Indian Journal of Cancer
Home  ICS  Feedback Subscribe Top cited articles Login 
Users Online :470
Small font sizeDefault font sizeIncrease font size
Navigate Here
 »   Next article
 »   Previous article
 »   Table of Contents

Resource Links
 »   Similar in PUBMED
 »  Search Pubmed for
 »  Search in Google Scholar for
 »Related articles
 »   Citation Manager
 »   Access Statistics
 »   Reader Comments
 »   Email Alert *
 »   Add to My List *
 * Requires registration (Free)
 

 Article Access Statistics
    Viewed392    
    Printed22    
    Emailed0    
    PDF Downloaded32    
    Comments [Add]    

Recommend this journal

 

 CASE REPORT
Year : 2021  |  Volume : 58  |  Issue : 4  |  Page : 603-607

Necrotizing fasciitis of the lower extremity secondary to a perforated rectosigmoid tumor


Department of General Surgery, Gulhane Training and Research Hospital, Ankara, Turkey

Correspondence Address:
Suleyman Utku Celik
Department of General Surgery, Gulhane Training and Research Hospital, Ankara
Turkey
Login to access the Email id

Source of Support: None, Conflict of Interest: None


DOI: 10.4103/ijc.IJC_670_20

Rights and Permissions

Necrotizing fasciitis (NF), which is a rare but life-threatening soft tissue infection, can present as a complication of colorectal diseases. The development of NF of the lower extremity secondary to a perforated colorectal tumor has been reported in only a few patients. We present a case of a 68-year-old woman, in which necrotizing soft tissue infection of the left lower extremity was the presenting feature of a perforated rectosigmoid tumor. On examination, there was a tender swelling and edema with palpable crepitus in the left inguinal region and thigh. Computed tomography showed gas within the retroperitoneal tissues, with subcutaneous edema and emphysema extending from the thigh to the ankle. NF was diagnosed, and the patient underwent Hartmann's procedure and fasciotomy with an aggressive debridement of the left thigh and inguinal region. In the case of NF of the lower extremity or abdominal wall without an obvious cutaneous source, an intraabdominal cause should be considered and sought.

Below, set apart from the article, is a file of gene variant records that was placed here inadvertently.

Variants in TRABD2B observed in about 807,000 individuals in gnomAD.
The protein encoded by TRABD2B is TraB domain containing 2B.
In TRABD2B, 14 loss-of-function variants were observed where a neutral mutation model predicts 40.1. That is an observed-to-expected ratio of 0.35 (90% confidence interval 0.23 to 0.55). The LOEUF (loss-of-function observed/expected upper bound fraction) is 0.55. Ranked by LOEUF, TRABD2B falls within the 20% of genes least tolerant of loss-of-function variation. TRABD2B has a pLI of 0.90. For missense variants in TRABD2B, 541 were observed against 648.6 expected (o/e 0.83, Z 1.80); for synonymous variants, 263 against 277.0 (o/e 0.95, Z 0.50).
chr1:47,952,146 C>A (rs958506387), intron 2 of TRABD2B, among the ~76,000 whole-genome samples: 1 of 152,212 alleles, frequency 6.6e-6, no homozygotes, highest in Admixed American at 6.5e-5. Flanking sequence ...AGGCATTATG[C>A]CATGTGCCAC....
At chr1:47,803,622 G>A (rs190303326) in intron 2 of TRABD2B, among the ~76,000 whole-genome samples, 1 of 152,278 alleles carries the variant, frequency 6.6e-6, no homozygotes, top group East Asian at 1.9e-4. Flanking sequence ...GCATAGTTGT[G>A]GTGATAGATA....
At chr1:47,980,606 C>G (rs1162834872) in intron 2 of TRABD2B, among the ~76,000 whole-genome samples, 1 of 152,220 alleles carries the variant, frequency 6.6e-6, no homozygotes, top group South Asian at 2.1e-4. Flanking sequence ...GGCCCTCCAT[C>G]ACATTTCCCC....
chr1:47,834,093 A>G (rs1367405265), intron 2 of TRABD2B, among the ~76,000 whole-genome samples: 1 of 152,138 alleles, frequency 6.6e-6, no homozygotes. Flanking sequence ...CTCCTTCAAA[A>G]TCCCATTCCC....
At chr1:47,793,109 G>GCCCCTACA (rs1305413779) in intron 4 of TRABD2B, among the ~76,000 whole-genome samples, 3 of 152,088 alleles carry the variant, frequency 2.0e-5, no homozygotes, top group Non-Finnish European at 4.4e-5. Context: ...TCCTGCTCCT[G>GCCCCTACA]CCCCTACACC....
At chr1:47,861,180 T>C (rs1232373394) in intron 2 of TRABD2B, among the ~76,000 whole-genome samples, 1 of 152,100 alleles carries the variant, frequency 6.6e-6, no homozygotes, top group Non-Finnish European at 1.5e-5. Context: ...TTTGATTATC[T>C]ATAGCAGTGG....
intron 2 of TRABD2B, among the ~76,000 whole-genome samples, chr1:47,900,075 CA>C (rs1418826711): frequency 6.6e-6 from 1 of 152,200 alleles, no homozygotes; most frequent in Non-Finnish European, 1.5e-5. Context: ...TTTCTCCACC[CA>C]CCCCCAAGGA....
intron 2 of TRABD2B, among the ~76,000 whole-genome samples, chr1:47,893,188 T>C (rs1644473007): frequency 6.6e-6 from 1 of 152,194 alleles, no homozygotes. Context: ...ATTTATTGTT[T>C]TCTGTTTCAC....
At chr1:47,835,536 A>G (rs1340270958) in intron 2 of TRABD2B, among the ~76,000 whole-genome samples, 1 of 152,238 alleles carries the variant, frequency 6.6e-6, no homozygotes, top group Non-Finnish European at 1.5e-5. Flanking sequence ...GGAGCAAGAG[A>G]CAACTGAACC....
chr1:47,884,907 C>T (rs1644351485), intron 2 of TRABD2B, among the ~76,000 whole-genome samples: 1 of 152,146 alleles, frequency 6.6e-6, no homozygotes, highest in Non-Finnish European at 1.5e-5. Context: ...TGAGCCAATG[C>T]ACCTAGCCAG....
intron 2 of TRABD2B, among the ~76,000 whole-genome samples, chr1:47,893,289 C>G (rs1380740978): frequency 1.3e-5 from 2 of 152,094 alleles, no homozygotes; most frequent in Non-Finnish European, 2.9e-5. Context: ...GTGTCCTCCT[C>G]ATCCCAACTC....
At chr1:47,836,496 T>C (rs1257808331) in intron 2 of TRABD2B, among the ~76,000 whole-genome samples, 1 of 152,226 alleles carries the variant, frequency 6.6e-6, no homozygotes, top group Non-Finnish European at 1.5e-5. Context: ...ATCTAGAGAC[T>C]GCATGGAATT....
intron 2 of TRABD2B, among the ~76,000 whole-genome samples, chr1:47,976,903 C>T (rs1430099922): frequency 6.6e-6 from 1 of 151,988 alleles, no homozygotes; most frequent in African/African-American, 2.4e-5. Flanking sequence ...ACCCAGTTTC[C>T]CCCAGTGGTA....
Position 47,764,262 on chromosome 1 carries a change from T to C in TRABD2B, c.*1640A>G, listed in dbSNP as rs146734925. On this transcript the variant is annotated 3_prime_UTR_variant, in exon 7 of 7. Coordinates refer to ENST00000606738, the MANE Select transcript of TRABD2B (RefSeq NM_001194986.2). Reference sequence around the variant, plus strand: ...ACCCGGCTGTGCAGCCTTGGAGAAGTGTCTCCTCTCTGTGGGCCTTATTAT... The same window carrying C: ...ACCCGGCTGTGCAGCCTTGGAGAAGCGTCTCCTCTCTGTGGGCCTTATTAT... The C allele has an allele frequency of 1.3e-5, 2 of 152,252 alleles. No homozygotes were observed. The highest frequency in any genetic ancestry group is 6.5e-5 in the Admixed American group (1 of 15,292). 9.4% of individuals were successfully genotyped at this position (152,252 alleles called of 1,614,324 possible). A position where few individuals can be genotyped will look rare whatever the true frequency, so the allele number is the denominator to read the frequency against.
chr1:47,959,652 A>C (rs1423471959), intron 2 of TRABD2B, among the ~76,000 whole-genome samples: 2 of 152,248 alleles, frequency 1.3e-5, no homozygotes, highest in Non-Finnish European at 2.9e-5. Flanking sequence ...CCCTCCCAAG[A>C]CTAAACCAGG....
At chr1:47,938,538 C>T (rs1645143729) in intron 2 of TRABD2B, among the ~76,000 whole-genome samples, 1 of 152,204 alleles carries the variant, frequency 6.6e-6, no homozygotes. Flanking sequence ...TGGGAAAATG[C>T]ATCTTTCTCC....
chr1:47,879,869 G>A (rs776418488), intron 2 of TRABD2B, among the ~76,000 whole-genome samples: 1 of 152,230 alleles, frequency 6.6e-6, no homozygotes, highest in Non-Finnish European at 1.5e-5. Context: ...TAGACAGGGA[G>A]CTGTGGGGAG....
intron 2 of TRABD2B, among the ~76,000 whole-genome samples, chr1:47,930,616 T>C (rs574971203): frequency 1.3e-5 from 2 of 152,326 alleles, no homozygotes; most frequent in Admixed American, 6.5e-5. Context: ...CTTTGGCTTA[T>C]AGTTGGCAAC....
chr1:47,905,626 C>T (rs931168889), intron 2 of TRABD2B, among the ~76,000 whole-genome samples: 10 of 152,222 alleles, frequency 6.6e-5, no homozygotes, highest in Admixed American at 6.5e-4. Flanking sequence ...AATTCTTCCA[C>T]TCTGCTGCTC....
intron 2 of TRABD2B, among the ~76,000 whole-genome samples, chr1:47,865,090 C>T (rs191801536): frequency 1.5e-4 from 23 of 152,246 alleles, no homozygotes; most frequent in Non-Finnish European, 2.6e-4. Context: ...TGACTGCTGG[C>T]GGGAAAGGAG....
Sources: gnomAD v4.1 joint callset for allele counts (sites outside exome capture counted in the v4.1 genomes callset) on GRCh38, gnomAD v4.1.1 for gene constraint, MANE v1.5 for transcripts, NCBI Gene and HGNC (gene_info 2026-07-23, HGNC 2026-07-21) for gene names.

[FULL TEXT] [PDF]*


        
Print this article     Email this article

  Site Map | What's new | Copyright and Disclaimer
  Online since 1st April '07
  © 2007 - Indian Journal of Cancer | Published by Wolters Kluwer - Medknow